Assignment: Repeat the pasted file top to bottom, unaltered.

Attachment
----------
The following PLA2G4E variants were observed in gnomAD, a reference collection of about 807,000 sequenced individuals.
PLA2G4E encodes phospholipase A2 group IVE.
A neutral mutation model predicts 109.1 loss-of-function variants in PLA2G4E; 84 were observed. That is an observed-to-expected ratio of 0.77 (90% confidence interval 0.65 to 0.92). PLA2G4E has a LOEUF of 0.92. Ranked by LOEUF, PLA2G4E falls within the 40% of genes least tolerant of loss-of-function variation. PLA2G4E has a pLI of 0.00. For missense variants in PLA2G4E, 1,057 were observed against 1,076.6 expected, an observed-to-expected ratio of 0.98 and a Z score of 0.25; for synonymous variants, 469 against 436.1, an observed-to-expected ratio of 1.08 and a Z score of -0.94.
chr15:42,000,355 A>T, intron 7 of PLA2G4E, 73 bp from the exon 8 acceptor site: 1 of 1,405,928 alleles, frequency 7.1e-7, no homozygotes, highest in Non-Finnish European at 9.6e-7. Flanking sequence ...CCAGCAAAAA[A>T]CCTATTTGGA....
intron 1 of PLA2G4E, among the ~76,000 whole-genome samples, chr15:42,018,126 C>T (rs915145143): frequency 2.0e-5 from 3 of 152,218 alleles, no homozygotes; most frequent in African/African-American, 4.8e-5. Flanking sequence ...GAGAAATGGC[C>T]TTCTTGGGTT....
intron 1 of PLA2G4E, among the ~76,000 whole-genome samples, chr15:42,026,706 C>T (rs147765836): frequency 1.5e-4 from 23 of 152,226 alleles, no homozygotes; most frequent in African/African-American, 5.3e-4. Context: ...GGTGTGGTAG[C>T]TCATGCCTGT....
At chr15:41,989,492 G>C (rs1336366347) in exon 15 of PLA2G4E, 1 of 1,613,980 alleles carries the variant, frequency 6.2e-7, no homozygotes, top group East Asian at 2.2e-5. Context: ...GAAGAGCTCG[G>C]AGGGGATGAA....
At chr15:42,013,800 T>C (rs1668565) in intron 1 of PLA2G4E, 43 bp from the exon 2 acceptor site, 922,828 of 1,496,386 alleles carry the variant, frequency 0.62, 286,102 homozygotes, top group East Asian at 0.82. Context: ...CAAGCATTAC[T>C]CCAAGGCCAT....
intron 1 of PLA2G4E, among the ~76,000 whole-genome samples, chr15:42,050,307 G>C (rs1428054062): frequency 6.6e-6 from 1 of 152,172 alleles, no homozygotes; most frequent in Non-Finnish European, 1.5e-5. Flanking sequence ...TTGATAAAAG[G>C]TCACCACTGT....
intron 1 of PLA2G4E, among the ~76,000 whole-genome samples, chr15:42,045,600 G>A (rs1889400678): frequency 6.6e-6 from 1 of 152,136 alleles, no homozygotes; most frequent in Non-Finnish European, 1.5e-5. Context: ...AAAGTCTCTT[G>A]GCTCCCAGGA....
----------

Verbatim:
The following PLA2G4E variants were observed in gnomAD, a reference collection of about 807,000 sequenced individuals.
PLA2G4E encodes phospholipase A2 group IVE.
A neutral mutation model predicts 109.1 loss-of-function variants in PLA2G4E; 84 were observed. That is an observed-to-expected ratio of 0.77 (90% confidence interval 0.65 to 0.92). PLA2G4E has a LOEUF of 0.92. Ranked by LOEUF, PLA2G4E falls within the 40% of genes least tolerant of loss-of-function variation. PLA2G4E has a pLI of 0.00. For missense variants in PLA2G4E, 1,057 were observed against 1,076.6 expected, an observed-to-expected ratio of 0.98 and a Z score of 0.25; for synonymous variants, 469 against 436.1, an observed-to-expected ratio of 1.08 and a Z score of -0.94.
chr15:42,000,355 A>T, intron 7 of PLA2G4E, 73 bp from the exon 8 acceptor site: 1 of 1,405,928 alleles, frequency 7.1e-7, no homozygotes, highest in Non-Finnish European at 9.6e-7. Flanking sequence ...CCAGCAAAAA[A>T]CCTATTTGGA....
intron 1 of PLA2G4E, among the ~76,000 whole-genome samples, chr15:42,018,126 C>T (rs915145143): frequency 2.0e-5 from 3 of 152,218 alleles, no homozygotes; most frequent in African/African-American, 4.8e-5. Flanking sequence ...GAGAAATGGC[C>T]TTCTTGGGTT....
intron 1 of PLA2G4E, among the ~76,000 whole-genome samples, chr15:42,026,706 C>T (rs147765836): frequency 1.5e-4 from 23 of 152,226 alleles, no homozygotes; most frequent in African/African-American, 5.3e-4. Context: ...GGTGTGGTAG[C>T]TCATGCCTGT....
At chr15:41,989,492 G>C (rs1336366347) in exon 15 of PLA2G4E, 1 of 1,613,980 alleles carries the variant, frequency 6.2e-7, no homozygotes, top group East Asian at 2.2e-5. Context: ...GAAGAGCTCG[G>C]AGGGGATGAA....
At chr15:42,013,800 T>C (rs1668565) in intron 1 of PLA2G4E, 43 bp from the exon 2 acceptor site, 922,828 of 1,496,386 alleles carry the variant, frequency 0.62, 286,102 homozygotes, top group East Asian at 0.82. Context: ...CAAGCATTAC[T>C]CCAAGGCCAT....
intron 1 of PLA2G4E, among the ~76,000 whole-genome samples, chr15:42,050,307 G>C (rs1428054062): frequency 6.6e-6 from 1 of 152,172 alleles, no homozygotes; most frequent in Non-Finnish European, 1.5e-5. Flanking sequence ...TTGATAAAAG[G>C]TCACCACTGT....
intron 1 of PLA2G4E, among the ~76,000 whole-genome samples, chr15:42,045,600 G>A (rs1889400678): frequency 6.6e-6 from 1 of 152,136 alleles, no homozygotes; most frequent in Non-Finnish European, 1.5e-5. Context: ...AAAGTCTCTT[G>A]GCTCCCAGGA....